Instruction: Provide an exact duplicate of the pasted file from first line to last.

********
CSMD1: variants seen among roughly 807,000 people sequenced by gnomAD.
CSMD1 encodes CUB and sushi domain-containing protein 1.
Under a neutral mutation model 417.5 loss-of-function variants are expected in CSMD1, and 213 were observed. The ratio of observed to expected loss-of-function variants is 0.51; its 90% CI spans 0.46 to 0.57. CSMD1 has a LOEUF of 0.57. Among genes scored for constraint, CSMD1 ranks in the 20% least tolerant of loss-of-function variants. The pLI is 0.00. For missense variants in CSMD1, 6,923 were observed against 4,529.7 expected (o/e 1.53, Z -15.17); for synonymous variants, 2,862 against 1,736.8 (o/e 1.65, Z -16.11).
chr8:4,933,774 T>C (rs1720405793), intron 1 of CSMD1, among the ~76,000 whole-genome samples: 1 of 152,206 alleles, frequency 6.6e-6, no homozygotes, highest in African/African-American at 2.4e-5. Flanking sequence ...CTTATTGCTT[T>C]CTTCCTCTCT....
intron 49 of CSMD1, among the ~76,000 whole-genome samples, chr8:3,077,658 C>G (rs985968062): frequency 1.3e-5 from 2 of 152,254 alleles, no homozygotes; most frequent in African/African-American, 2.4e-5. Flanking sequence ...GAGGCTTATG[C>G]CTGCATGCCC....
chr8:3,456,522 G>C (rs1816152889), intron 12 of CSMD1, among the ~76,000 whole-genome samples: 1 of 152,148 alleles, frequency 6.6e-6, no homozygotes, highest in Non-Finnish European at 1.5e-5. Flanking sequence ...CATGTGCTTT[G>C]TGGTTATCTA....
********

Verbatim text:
CSMD1: variants seen among roughly 807,000 people sequenced by gnomAD.
CSMD1 encodes CUB and sushi domain-containing protein 1.
Under a neutral mutation model 417.5 loss-of-function variants are expected in CSMD1, and 213 were observed. The ratio of observed to expected loss-of-function variants is 0.51; its 90% CI spans 0.46 to 0.57. CSMD1 has a LOEUF of 0.57. Among genes scored for constraint, CSMD1 ranks in the 20% least tolerant of loss-of-function variants. The pLI is 0.00. For missense variants in CSMD1, 6,923 were observed against 4,529.7 expected (o/e 1.53, Z -15.17); for synonymous variants, 2,862 against 1,736.8 (o/e 1.65, Z -16.11).
chr8:4,933,774 T>C (rs1720405793), intron 1 of CSMD1, among the ~76,000 whole-genome samples: 1 of 152,206 alleles, frequency 6.6e-6, no homozygotes, highest in African/African-American at 2.4e-5. Flanking sequence ...CTTATTGCTT[T>C]CTTCCTCTCT....
intron 49 of CSMD1, among the ~76,000 whole-genome samples, chr8:3,077,658 C>G (rs985968062): frequency 1.3e-5 from 2 of 152,254 alleles, no homozygotes; most frequent in African/African-American, 2.4e-5. Flanking sequence ...GAGGCTTATG[C>G]CTGCATGCCC....
chr8:3,456,522 G>C (rs1816152889), intron 12 of CSMD1, among the ~76,000 whole-genome samples: 1 of 152,148 alleles, frequency 6.6e-6, no homozygotes, highest in Non-Finnish European at 1.5e-5. Flanking sequence ...CATGTGCTTT[G>C]TGGTTATCTA....